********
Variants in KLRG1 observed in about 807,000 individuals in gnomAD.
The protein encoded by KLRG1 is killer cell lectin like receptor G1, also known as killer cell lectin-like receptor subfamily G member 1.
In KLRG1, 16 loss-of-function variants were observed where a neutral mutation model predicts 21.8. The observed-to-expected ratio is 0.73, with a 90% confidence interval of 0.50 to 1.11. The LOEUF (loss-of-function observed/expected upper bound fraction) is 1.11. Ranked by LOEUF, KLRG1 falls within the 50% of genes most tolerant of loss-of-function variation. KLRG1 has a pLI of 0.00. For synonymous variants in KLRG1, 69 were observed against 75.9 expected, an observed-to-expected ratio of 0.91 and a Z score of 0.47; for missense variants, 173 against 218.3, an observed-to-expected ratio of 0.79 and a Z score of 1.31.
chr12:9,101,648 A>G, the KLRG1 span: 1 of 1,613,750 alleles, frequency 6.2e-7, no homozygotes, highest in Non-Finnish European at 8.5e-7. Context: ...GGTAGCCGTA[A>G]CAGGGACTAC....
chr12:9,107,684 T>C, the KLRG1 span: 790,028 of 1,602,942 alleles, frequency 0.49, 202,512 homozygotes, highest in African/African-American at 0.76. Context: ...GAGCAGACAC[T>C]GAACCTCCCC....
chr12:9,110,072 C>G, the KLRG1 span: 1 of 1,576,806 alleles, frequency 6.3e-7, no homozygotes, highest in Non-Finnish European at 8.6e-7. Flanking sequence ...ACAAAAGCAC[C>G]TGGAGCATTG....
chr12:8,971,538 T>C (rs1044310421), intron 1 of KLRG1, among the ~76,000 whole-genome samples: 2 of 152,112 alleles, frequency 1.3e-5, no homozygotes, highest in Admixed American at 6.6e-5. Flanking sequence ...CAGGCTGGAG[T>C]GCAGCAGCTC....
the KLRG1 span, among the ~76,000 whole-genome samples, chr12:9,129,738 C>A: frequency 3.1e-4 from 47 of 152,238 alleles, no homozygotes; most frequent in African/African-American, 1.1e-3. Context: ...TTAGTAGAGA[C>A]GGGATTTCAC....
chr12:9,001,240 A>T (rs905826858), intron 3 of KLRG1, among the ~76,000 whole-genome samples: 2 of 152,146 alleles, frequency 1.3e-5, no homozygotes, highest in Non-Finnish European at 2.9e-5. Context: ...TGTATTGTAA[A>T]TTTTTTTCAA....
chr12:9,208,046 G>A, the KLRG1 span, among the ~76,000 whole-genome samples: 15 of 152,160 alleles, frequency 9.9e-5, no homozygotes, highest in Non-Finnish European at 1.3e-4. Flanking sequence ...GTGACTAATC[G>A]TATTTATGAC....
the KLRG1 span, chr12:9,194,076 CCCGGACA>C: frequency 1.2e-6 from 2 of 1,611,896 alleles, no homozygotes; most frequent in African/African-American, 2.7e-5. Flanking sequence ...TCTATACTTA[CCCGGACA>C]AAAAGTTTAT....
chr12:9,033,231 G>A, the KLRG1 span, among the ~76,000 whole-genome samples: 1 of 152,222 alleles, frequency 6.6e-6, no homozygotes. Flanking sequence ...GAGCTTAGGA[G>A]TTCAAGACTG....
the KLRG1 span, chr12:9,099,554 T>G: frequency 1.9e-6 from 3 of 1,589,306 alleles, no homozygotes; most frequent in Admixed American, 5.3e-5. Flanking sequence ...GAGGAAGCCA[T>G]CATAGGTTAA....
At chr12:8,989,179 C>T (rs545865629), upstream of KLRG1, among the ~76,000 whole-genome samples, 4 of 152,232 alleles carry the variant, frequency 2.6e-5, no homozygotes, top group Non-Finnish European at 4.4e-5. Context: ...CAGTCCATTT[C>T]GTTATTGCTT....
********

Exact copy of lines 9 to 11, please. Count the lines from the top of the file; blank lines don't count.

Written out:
chr12:9,001,240 A>T (rs905826858), intron 3 of KLRG1, among the ~76,000 whole-genome samples: 2 of 152,146 alleles, frequency 1.3e-5, no homozygotes, highest in Non-Finnish European at 2.9e-5. Context: ...TGTATTGTAA[A>T]TTTTTTTCAA....
chr12:9,208,046 G>A, the KLRG1 span, among the ~76,000 whole-genome samples: 15 of 152,160 alleles, frequency 9.9e-5, no homozygotes, highest in Non-Finnish European at 1.3e-4. Flanking sequence ...GTGACTAATC[G>A]TATTTATGAC....
the KLRG1 span, chr12:9,194,076 CCCGGACA>C: frequency 1.2e-6 from 2 of 1,611,896 alleles, no homozygotes; most frequent in African/African-American, 2.7e-5. Flanking sequence ...TCTATACTTA[CCCGGACA>C]AAAAGTTTAT....